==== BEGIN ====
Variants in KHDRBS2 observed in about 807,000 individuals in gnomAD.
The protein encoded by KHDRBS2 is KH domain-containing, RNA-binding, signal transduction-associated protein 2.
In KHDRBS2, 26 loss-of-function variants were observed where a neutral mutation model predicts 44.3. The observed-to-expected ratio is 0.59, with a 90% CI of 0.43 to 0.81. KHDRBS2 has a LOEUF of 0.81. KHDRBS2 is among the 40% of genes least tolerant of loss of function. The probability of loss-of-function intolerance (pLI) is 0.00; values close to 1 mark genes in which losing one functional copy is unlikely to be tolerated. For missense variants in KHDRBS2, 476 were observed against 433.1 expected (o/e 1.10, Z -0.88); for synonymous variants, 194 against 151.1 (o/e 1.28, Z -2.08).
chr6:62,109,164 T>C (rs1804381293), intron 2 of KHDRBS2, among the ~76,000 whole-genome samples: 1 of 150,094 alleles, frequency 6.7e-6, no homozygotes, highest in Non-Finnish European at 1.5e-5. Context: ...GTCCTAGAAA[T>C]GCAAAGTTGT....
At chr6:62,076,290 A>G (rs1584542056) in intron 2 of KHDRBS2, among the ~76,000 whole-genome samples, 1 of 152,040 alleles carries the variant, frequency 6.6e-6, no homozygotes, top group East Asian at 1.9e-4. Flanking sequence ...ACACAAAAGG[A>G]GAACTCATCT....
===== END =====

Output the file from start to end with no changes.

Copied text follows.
Variants in KHDRBS2 observed in about 807,000 individuals in gnomAD.
The protein encoded by KHDRBS2 is KH domain-containing, RNA-binding, signal transduction-associated protein 2.
In KHDRBS2, 26 loss-of-function variants were observed where a neutral mutation model predicts 44.3. The observed-to-expected ratio is 0.59, with a 90% CI of 0.43 to 0.81. KHDRBS2 has a LOEUF of 0.81. KHDRBS2 is among the 40% of genes least tolerant of loss of function. The probability of loss-of-function intolerance (pLI) is 0.00; values close to 1 mark genes in which losing one functional copy is unlikely to be tolerated. For missense variants in KHDRBS2, 476 were observed against 433.1 expected (o/e 1.10, Z -0.88); for synonymous variants, 194 against 151.1 (o/e 1.28, Z -2.08).
chr6:62,109,164 T>C (rs1804381293), intron 2 of KHDRBS2, among the ~76,000 whole-genome samples: 1 of 150,094 alleles, frequency 6.7e-6, no homozygotes, highest in Non-Finnish European at 1.5e-5. Context: ...GTCCTAGAAA[T>C]GCAAAGTTGT....
At chr6:62,076,290 A>G (rs1584542056) in intron 2 of KHDRBS2, among the ~76,000 whole-genome samples, 1 of 152,040 alleles carries the variant, frequency 6.6e-6, no homozygotes, top group East Asian at 1.9e-4. Flanking sequence ...ACACAAAAGG[A>G]GAACTCATCT....